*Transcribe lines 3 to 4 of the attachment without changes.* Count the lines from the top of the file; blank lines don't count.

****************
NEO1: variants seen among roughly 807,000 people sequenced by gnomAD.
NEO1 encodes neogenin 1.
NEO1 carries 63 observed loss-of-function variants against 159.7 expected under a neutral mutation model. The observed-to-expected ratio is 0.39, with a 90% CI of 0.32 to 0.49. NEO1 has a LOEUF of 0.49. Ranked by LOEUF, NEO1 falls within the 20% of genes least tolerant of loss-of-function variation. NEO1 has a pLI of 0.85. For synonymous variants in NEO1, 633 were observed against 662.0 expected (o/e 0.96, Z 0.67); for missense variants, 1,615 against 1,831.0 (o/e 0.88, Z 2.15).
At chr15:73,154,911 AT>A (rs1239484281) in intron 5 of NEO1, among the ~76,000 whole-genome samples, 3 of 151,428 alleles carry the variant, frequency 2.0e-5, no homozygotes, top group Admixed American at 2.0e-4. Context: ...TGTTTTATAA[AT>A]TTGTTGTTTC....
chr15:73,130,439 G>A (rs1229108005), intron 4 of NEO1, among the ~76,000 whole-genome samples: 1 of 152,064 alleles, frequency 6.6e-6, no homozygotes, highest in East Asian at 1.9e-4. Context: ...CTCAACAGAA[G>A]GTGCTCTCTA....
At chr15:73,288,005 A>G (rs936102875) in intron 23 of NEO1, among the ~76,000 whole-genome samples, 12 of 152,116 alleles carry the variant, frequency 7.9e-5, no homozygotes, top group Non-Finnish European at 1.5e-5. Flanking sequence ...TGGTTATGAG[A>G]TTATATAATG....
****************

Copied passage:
NEO1 carries 63 observed loss-of-function variants against 159.7 expected under a neutral mutation model. The observed-to-expected ratio is 0.39, with a 90% CI of 0.32 to 0.49. NEO1 has a LOEUF of 0.49. Ranked by LOEUF, NEO1 falls within the 20% of genes least tolerant of loss-of-function variation. NEO1 has a pLI of 0.85. For synonymous variants in NEO1, 633 were observed against 662.0 expected (o/e 0.96, Z 0.67); for missense variants, 1,615 against 1,831.0 (o/e 0.88, Z 2.15).
At chr15:73,154,911 AT>A (rs1239484281) in intron 5 of NEO1, among the ~76,000 whole-genome samples, 3 of 151,428 alleles carry the variant, frequency 2.0e-5, no homozygotes, top group Admixed American at 2.0e-4. Context: ...TGTTTTATAA[AT>A]TTGTTGTTTC....